• Watch how other Tories respond. Tribalism is arguably worse in UK politics than it is in US politics (or, at least it was four years ago). Will Conservative backbenchers fall in line with every destructive policy Johnson introduces, or will the stand on principle when they really do oppose him? Our Republicans have largely rolled over for Trump, so watch to see how Nicky Morgan, Michael Gove, Jeremy Hunt, Dominic Raab, etc behave over the course of Johnson’s premiership
  • Build coalitions. Keep your eyes on the prize – defeating Boris Johnson. The internecine warfare in Labour needs to end and the party needs to coalesce. Given the real concerns with anti-Semitism, that seems unlikely (and look, hard to blame those against anti-Semitism for not backing down). So look elsewhere. Build electoral coalitions with the Greens and, yes, with the Liberal Democrats if you must. When you’re dealing with a Bannon-backed populist, as Johnson is, nothing matters as much as defeating him. Getting Johnson out of Number 10 and electing a centrist or left-of-centre government is most crucial right now, not ideological purity
  • Chin up. Despite what you might thing, the world keeps spinning. The sun rises in the morning. Ben Mitchell still picks fights on EastEnders. Life goes on, and your day-to-day life won’t change very much. If that sounds like I’m minimising what you’re feeling or the latest groundswell of populism in the Western world, I’m not. But it’s important to keep your wits about you and have some perspective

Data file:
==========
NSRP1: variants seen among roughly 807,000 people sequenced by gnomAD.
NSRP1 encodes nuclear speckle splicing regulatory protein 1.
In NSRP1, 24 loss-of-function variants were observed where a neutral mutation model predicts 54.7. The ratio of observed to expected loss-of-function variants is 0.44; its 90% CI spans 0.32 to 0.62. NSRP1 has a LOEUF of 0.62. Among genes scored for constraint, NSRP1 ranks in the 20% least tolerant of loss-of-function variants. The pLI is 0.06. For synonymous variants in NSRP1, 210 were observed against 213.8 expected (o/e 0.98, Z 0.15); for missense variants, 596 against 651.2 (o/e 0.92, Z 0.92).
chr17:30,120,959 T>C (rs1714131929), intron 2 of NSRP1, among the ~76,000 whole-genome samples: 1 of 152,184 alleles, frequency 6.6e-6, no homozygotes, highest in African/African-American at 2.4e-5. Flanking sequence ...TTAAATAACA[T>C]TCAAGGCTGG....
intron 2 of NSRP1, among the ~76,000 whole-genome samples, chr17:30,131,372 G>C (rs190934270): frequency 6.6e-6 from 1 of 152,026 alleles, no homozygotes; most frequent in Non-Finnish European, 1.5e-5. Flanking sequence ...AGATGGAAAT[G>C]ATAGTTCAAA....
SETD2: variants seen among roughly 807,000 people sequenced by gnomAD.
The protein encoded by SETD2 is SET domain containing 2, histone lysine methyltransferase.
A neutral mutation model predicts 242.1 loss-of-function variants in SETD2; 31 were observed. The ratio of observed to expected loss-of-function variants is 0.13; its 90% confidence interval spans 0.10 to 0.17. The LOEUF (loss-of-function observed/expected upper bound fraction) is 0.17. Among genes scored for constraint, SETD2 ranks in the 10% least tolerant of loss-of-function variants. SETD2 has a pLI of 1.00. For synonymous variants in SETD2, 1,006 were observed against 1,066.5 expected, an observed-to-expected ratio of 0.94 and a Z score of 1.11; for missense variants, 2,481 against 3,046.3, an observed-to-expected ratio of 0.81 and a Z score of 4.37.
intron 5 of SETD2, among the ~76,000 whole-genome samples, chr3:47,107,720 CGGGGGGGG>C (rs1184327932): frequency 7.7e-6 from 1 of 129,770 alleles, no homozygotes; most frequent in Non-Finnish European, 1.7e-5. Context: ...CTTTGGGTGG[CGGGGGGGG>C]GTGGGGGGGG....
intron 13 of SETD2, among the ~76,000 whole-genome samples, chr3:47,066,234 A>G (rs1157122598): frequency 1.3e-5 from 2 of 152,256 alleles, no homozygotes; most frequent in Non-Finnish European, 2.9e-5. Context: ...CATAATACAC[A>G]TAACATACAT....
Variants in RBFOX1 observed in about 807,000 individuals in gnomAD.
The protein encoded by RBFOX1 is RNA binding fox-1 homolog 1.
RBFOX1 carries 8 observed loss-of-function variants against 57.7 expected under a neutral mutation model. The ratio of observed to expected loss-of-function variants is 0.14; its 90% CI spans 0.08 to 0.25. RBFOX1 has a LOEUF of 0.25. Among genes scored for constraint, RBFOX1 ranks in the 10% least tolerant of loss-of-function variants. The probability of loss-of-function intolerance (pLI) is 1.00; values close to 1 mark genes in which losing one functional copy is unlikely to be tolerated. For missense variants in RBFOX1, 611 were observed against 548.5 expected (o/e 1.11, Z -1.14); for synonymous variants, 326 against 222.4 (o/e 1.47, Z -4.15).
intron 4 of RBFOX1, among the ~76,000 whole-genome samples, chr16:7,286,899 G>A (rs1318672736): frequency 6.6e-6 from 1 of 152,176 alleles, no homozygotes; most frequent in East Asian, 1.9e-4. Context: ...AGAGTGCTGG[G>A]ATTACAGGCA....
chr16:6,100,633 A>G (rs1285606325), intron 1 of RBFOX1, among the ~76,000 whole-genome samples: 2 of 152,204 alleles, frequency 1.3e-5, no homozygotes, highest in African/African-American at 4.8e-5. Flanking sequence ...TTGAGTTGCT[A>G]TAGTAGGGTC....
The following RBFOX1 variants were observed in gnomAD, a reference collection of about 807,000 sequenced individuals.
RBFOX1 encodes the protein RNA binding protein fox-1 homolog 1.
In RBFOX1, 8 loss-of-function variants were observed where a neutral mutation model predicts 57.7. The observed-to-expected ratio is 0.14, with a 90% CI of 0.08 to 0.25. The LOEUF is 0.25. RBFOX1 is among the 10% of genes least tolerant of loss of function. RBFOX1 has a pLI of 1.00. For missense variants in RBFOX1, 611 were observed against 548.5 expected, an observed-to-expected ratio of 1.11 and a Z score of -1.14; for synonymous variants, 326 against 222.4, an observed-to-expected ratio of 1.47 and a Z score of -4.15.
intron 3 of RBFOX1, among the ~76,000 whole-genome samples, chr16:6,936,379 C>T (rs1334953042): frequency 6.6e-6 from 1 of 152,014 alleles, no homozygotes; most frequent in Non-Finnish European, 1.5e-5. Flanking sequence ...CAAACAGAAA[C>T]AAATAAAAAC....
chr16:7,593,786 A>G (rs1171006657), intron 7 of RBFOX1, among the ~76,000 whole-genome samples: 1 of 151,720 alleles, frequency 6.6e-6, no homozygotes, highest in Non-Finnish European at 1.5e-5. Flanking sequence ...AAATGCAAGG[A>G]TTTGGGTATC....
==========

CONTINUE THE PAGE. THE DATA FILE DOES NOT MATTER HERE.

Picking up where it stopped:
Don’t be too downtrodden after today. Go ahead and lick your wounds, but tomorrow the fight continues. 31 October is just over three months away, so there’s plenty of work to do in not a long amount of time. Get drunk, and then get to work.

Theresa May resigned. There must be a general election

After the 2015 election, I appeared on a political web show as an American journalist covering the British elections. When discussion turned to who would succeed David Cameron, I stated that “after a nuclear holocaust there would be cockroaches and Theresa May.” I wasn’t trying to compare the then-Home Secretary to a cockroach, but rather comment on her staying power. She is the longest serving Home Secretary in more than a century. She seemed an unstoppable force.

Then she became Prime Minister. Number 10—or perhaps more accurately, Brexit—proved the boot which finally crushed her political career. Theresa May has been an abysmal Prime Minister, losing the Tory majority in an ill-planned (for the Conservatives, anyway) 2017 general election and being utterly unable to unite a country deeply divided on Brexit. Indeed, her premiership will be remembered more for tinned soundbites (“Brexit means Brexit,” “strong and stable”) than any actual accomplishments.

Now, a bevvy of unsavoury characters (Boris Johnson, Andera Leadsom, etc) are poised to fight out a tumultuous Conservative leadership contest. The winner will ultimately lead the country out of the European Union. But they shouldn’t, at least, not simply by ascending to Number 10. They must have a mandate from the people, and that means the new Prime Minister must call a general election.

To be certain, technically, they don’t have to call an election. John Major didn’t go to the country until nearly two years after he succeeded Margaret Thatcher. Gordon Brown took nearly three years after he took over from Tony Blair. The next election doesn’t have to be held until 2022.